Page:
Entering China’s E-commerce Market: What International Brands Need to Know
August 3, 2020

China is the world’s largest and fastest-growing consumer market. This certainly makes China an attractive destination for foreign retailers and consumer brands alike, yet it is often pointed out that China is a fast-paced, complex and challenging market.

Indeed, we often hear from industry experts and business leaders: “What’s works at home does not work in China,” but do we fully understand what is required to succeed in the Chinese market?

Today, we interview Johan Aledal, COO and Partner of Aventura. Johan, who brings over 10 years on-the-ground experience in China’s e-commerce industry, shares his views on issues that international firms should consider before taking the leap and starting to sell online in China.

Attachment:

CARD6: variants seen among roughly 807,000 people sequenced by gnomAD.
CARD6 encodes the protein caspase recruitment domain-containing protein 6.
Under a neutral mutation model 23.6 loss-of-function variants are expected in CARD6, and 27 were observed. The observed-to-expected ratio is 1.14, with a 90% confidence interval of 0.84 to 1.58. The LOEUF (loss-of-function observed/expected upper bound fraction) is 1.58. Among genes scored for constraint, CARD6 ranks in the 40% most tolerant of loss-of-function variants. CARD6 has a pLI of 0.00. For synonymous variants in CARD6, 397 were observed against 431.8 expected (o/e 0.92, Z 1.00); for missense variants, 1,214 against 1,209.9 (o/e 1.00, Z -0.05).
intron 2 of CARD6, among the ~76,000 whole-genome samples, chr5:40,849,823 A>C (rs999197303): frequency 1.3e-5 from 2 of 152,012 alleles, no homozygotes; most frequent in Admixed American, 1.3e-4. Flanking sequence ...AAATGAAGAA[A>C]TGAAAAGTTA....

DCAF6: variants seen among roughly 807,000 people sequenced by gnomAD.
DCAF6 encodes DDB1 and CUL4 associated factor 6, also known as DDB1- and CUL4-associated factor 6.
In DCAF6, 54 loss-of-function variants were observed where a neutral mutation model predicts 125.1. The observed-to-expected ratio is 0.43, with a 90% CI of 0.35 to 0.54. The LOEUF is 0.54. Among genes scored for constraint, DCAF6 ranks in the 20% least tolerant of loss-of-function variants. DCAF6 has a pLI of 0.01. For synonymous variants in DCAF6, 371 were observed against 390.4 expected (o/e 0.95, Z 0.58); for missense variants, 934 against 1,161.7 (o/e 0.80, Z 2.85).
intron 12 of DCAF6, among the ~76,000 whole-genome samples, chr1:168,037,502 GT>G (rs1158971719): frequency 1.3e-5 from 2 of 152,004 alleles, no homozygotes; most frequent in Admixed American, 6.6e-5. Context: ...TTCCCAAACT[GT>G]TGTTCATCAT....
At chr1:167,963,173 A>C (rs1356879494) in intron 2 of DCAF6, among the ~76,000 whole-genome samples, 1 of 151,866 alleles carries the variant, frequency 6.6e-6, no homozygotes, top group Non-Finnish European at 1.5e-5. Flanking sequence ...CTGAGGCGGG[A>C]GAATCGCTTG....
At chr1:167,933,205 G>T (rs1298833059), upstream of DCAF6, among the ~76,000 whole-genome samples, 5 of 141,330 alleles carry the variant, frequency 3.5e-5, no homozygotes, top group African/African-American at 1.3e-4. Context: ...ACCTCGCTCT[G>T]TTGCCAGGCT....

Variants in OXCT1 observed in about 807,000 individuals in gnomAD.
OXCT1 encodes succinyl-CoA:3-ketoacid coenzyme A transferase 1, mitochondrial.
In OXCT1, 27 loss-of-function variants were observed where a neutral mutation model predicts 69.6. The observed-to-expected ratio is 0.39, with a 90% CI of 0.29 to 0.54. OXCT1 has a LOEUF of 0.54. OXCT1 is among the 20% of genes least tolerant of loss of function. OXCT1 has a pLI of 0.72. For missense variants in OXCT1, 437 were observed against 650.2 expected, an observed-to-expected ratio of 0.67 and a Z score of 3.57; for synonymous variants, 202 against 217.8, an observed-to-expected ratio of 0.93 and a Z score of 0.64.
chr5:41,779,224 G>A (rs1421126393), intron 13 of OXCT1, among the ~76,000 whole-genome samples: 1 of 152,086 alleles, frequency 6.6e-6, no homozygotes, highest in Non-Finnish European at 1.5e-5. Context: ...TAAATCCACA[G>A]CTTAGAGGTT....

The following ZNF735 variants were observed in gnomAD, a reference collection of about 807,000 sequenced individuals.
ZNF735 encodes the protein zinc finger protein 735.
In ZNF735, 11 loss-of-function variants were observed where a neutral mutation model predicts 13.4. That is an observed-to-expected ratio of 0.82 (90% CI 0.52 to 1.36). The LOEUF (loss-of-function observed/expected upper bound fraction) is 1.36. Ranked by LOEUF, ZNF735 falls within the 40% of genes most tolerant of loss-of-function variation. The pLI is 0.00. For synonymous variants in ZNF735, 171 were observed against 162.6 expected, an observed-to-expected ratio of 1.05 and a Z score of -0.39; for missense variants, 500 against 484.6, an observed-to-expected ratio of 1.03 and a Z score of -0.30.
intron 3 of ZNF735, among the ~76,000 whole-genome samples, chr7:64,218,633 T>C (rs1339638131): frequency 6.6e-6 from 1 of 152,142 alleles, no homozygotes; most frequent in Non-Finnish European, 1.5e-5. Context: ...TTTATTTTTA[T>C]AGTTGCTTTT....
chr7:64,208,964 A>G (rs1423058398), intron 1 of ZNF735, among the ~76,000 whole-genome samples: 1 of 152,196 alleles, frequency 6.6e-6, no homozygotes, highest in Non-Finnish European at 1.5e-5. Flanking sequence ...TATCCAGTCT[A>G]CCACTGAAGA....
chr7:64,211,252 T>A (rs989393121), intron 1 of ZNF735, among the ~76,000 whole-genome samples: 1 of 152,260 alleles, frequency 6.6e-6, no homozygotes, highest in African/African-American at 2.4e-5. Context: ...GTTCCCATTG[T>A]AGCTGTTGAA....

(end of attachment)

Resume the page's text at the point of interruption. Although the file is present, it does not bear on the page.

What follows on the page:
Johan, you have been working with bringing international brands to China for over 10 years. Talking to brand owners every day, you are keenly aware of both the opportunities and the challenges international entrants face in navigating the local market. So, I guess my first question is: how may international brands know if their products are suitable for the Chinese market?

I often say: your product or service must add something to the Chinese market.

By this I do not mean that your brand or product must be revolutionary. But to have a decent shot of success, you better have some angle – whether be branding, product features, quality, or design – which makes you stand out from the crowd.

Secondly, it helps if you address certain opportunities which play on the perceived shortcomings of Chinese brands/products.